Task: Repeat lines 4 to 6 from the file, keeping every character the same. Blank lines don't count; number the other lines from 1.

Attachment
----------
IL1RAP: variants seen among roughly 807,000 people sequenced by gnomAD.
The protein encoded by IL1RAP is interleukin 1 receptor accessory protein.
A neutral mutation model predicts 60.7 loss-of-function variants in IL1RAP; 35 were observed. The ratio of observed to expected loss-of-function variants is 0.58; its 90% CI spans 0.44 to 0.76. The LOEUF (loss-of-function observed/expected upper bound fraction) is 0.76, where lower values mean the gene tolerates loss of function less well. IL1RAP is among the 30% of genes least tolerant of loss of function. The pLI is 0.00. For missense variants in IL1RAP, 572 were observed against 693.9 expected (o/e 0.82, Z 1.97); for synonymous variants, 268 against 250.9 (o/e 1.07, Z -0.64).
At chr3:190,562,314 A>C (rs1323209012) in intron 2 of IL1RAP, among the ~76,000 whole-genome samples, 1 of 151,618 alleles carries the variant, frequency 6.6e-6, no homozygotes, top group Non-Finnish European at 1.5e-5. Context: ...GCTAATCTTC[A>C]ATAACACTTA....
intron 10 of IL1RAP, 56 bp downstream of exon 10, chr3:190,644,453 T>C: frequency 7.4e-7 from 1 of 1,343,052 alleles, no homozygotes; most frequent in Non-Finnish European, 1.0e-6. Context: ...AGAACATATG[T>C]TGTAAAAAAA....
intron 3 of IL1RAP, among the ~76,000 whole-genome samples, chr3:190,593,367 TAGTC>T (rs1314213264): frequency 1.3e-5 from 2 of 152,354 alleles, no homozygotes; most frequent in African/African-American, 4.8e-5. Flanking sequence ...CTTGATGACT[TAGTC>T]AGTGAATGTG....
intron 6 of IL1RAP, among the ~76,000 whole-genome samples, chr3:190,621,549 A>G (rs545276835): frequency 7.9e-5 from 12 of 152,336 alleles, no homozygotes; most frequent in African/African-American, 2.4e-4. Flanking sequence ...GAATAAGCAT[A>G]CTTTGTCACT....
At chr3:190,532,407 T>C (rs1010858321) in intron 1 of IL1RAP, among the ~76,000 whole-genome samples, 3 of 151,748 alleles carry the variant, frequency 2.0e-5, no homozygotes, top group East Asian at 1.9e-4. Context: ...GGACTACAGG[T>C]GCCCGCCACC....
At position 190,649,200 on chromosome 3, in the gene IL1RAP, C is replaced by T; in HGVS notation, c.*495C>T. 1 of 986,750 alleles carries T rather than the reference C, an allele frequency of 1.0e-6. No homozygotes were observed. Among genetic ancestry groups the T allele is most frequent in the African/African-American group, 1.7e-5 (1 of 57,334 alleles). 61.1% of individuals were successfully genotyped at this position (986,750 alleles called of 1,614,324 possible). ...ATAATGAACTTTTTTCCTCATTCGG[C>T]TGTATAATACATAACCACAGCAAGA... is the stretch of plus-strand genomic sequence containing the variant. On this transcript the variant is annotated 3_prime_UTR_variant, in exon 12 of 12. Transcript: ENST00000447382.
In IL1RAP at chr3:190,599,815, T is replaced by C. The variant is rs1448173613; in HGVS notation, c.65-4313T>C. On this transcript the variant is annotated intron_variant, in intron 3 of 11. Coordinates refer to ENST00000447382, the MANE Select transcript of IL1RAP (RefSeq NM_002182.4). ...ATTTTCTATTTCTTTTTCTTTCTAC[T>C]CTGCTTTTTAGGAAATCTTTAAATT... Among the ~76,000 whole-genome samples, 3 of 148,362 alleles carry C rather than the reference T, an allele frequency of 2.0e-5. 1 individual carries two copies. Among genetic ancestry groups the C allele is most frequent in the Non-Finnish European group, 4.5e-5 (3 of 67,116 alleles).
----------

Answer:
At chr3:190,562,314 A>C (rs1323209012) in intron 2 of IL1RAP, among the ~76,000 whole-genome samples, 1 of 151,618 alleles carries the variant, frequency 6.6e-6, no homozygotes, top group Non-Finnish European at 1.5e-5. Context: ...GCTAATCTTC[A>C]ATAACACTTA....
intron 10 of IL1RAP, 56 bp downstream of exon 10, chr3:190,644,453 T>C: frequency 7.4e-7 from 1 of 1,343,052 alleles, no homozygotes; most frequent in Non-Finnish European, 1.0e-6. Context: ...AGAACATATG[T>C]TGTAAAAAAA....
intron 3 of IL1RAP, among the ~76,000 whole-genome samples, chr3:190,593,367 TAGTC>T (rs1314213264): frequency 1.3e-5 from 2 of 152,354 alleles, no homozygotes; most frequent in African/African-American, 4.8e-5. Flanking sequence ...CTTGATGACT[TAGTC>T]AGTGAATGTG....